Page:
A gaggle of geese. A pride of lions. A herd of cattle. A pack of wolves. A school of fish. A hive of bees. A flock of birds. A flock of _sheep_. And one of my favorites, probably because it’s so different, so unique, and so terribly appropriate – a murder of crows.

It’s fascinating how some of these grouping words can be applied to such different types of animals. A ‘flock’ being used to refer to creatures of both air and land. But I think a ‘murder’ being used to group a bunch of crows together, rather than ‘flock’, may well be one of the most intriguing mechanics to me. There’s quite a bit of uncertainty surrounding the origin of the phrase, but it seems that _a murder of crows_ originated around AD 1450 in the form of _a mursher of crows_ that evolved over time into its current form. Chances are good, though, that _murder_ is actually a misinterpretation, since no one seems to know what _mursher_ means and have never seen it appear in any of the old literature to refer to murder.

A small fable surrounding crows also seems to contribute to their grouping name. Supposedly, crows occasionally form tribunals against one of their brethren and upon reaching consensus, kill the wayward crow. Crows have also been known to kill a sick crow that either wanders into the territory of another murder or is ostracized. The first of these explanations is apparently patently false, while the second is a behavior that is not necessarily unique to crows but to many different animal groups.

Doing a bit of research on the etymology of this phrase turned up some more interesting grouping names for birds:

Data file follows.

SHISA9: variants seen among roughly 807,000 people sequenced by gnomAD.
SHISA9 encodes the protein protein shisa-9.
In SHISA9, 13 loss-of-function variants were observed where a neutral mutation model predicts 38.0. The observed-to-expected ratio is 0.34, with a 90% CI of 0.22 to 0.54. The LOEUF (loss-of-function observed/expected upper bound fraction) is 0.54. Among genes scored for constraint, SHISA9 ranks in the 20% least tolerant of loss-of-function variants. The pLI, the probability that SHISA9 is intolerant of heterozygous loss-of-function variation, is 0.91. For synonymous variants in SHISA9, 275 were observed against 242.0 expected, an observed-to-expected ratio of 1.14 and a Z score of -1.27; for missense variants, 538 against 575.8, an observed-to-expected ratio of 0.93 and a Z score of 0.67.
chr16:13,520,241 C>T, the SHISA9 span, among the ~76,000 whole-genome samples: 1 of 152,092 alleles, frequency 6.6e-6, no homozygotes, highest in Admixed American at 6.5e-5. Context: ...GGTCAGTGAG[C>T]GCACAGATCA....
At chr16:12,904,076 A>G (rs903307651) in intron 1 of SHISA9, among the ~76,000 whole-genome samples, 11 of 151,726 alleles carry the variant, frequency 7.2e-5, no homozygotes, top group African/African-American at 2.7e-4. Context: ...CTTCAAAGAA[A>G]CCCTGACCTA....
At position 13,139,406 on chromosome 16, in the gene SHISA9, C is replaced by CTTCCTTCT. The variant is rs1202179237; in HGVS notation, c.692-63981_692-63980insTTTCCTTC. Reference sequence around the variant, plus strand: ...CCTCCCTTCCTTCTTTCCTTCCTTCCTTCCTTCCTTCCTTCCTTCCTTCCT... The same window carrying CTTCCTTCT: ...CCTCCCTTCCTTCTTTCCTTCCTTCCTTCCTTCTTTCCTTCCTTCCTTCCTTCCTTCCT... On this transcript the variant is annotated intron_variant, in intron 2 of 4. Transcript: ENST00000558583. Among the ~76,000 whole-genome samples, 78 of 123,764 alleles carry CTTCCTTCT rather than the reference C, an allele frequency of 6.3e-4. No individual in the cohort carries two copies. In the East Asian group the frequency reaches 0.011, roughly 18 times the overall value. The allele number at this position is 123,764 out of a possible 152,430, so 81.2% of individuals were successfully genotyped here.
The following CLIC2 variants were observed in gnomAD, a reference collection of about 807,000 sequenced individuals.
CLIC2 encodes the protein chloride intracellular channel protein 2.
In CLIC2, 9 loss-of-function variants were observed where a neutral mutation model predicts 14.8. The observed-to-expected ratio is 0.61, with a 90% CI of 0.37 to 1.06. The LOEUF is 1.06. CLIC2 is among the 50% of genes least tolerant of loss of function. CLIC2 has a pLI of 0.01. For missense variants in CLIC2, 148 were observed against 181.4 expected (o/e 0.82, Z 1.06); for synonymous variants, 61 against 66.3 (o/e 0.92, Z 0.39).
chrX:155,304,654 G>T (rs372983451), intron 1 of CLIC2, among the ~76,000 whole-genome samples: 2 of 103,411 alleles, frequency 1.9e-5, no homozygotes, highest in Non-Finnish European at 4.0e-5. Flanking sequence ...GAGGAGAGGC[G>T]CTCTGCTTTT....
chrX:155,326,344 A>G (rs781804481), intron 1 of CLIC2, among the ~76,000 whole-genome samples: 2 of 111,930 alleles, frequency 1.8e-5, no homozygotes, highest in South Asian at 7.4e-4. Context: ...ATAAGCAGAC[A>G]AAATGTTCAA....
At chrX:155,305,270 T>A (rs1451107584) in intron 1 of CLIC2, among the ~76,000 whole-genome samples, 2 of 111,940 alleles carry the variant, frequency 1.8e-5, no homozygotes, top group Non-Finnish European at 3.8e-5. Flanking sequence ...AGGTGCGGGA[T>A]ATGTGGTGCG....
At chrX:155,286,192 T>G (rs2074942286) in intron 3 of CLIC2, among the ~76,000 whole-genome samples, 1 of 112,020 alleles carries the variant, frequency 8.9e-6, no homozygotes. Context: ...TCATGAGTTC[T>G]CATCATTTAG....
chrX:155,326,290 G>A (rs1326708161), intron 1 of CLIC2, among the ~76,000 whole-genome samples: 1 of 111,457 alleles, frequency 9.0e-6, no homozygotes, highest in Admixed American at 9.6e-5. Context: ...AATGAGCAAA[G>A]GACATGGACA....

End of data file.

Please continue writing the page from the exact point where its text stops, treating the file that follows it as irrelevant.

* a parliament of rooks
* an unkindness of ravens
* a murmuration of starlings

There’s actually a whole listed on “this page”: for the Baltimore Bird Club. Some of them make a lot of sense when defining the behaviors of specific bird groups. Some you just have to wonder about.

6 thoughts on “Murder”

  1. Some of the names are fabulously atmospheric. It is quite possible to see why a murder of crows or an unkindness of ravens has proven so popular with crime writers looking for titles too.

  2. I always liked “A parliament of owls” though I thought it referred to owls alone, apparently it can be used for any group of birds. Interestingly enough, in a couple of books I have read, they authors decided to use parliament for dragons as well.

  3. I noticed that a parliament of rooks never even showed up in that list. I pulled it off a different site I looked at, though. It’s kind of interesting to see how different kinds of birds have gotten classified when there’s a group of ’em hanging out together.

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